Some proposed changes are relatively riskless, so it is relatively costless for employees to go along with a change initiative. However, many changes proposed by change agents carry relatively high costs for employees, and therefore it is rational for employees to be more cautious. In sum, when risk is evaluated to be “reasonable.” the employee is inclined to trust the change agent and “buy in.” 1
But the perceived riskiness of a current change proposal is not the only element that influences the risks associated with trusting the change agent. Another issue is the weight of history. Organizational trust evolves over time. Some have observed that it is slow to build and quick to be destroyed, as evidenced by the quick demise of Enron. 2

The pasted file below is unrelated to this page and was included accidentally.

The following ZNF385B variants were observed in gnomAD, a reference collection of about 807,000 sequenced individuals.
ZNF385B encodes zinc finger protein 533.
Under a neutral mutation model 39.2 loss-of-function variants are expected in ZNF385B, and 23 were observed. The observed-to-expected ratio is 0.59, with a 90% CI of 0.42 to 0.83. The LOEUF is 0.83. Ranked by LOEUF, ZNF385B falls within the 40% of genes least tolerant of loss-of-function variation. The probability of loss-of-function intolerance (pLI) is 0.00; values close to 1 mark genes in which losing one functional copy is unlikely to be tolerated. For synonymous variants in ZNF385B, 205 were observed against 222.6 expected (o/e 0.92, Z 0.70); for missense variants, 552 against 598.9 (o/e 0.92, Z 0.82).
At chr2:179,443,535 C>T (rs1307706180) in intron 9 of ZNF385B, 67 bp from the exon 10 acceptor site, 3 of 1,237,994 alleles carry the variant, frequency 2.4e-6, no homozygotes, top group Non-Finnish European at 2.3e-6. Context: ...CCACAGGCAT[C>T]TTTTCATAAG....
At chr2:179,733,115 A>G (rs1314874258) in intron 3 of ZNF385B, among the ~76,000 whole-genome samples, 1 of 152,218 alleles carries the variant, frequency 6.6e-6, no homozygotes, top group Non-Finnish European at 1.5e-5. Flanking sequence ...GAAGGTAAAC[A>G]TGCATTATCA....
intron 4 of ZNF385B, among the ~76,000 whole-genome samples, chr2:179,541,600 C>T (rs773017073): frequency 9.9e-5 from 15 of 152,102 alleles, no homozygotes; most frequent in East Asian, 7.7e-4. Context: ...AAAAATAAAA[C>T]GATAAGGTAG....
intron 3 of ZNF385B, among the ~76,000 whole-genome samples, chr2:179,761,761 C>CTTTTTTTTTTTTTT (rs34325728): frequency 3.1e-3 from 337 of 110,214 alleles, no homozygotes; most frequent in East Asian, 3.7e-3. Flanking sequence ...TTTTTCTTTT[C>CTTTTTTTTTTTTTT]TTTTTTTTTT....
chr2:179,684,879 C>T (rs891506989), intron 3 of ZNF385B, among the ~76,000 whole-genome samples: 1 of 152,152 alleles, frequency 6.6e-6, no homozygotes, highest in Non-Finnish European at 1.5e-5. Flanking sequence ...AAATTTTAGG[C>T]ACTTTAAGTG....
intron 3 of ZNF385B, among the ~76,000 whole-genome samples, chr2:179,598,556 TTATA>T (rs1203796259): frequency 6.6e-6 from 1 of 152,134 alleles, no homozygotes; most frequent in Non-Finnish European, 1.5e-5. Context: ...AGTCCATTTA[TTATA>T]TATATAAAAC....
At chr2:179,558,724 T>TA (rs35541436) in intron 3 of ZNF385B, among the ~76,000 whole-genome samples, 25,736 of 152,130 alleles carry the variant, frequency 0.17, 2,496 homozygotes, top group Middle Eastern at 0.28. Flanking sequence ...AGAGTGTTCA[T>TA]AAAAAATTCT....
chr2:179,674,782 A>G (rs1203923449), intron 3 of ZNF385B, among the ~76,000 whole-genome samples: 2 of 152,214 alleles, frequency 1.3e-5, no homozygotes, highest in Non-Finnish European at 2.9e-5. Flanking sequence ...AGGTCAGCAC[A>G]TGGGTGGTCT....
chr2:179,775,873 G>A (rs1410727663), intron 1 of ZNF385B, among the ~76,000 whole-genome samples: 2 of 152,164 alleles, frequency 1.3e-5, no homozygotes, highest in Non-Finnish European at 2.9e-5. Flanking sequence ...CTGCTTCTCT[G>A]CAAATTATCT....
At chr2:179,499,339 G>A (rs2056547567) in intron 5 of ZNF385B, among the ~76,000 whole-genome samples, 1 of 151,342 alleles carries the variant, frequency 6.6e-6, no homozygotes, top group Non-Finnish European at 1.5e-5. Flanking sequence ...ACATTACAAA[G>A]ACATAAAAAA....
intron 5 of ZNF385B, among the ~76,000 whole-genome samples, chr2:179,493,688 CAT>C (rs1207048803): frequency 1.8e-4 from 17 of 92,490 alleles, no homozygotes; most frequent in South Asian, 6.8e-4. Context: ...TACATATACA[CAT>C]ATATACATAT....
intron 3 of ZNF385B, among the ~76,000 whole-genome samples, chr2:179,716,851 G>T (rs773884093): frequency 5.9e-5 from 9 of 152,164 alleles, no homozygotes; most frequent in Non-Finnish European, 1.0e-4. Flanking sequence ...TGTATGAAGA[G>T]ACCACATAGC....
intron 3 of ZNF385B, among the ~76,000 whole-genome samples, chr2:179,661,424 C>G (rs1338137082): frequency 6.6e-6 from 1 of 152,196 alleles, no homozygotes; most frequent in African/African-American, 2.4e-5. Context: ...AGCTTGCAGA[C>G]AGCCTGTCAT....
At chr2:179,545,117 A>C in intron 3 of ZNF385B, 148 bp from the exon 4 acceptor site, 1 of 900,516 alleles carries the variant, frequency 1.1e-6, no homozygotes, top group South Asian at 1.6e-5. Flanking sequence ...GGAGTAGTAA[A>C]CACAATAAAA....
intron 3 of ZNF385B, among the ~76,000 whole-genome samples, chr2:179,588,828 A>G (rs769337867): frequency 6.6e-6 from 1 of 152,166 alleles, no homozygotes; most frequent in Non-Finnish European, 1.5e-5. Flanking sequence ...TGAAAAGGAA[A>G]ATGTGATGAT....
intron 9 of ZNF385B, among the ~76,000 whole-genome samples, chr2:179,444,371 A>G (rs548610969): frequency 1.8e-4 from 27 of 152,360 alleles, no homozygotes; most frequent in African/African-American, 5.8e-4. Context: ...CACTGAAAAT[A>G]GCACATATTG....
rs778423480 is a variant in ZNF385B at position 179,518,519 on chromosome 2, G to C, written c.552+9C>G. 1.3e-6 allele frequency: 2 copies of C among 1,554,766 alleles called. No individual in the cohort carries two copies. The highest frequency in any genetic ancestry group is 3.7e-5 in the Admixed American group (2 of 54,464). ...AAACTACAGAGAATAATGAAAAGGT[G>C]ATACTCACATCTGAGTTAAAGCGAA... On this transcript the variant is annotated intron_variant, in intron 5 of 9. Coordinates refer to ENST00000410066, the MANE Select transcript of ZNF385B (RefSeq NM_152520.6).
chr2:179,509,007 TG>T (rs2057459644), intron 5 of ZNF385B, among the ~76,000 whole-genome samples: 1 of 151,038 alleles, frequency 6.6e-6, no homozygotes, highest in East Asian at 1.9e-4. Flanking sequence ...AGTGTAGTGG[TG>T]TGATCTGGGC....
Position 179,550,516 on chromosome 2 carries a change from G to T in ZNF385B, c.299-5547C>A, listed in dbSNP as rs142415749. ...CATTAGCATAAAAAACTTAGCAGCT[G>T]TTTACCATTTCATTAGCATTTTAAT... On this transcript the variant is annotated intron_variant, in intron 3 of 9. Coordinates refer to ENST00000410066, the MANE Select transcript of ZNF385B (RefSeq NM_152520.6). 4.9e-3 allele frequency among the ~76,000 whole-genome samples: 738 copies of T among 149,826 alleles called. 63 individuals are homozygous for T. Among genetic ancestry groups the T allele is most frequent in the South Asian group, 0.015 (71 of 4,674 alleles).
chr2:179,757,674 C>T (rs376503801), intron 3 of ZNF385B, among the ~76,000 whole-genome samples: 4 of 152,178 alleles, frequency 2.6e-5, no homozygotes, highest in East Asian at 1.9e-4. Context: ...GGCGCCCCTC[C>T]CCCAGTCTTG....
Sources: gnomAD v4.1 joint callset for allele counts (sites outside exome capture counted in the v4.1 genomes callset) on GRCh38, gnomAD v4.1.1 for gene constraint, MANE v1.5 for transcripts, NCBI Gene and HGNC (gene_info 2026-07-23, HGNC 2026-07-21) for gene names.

Another issue that is looming larger and larger for organizations is the rise of flextime, outsourcing, and virtual organizations. It has been observed that these efficiency-creating administrative realities of the 21st century make organizational trust more fragile since face-to-face interactions are a much more robust way to build and maintain trust. 3 In other words, temporal and spatial distance between employees and their leaders makes trust that much more important, but also more fragile and risky.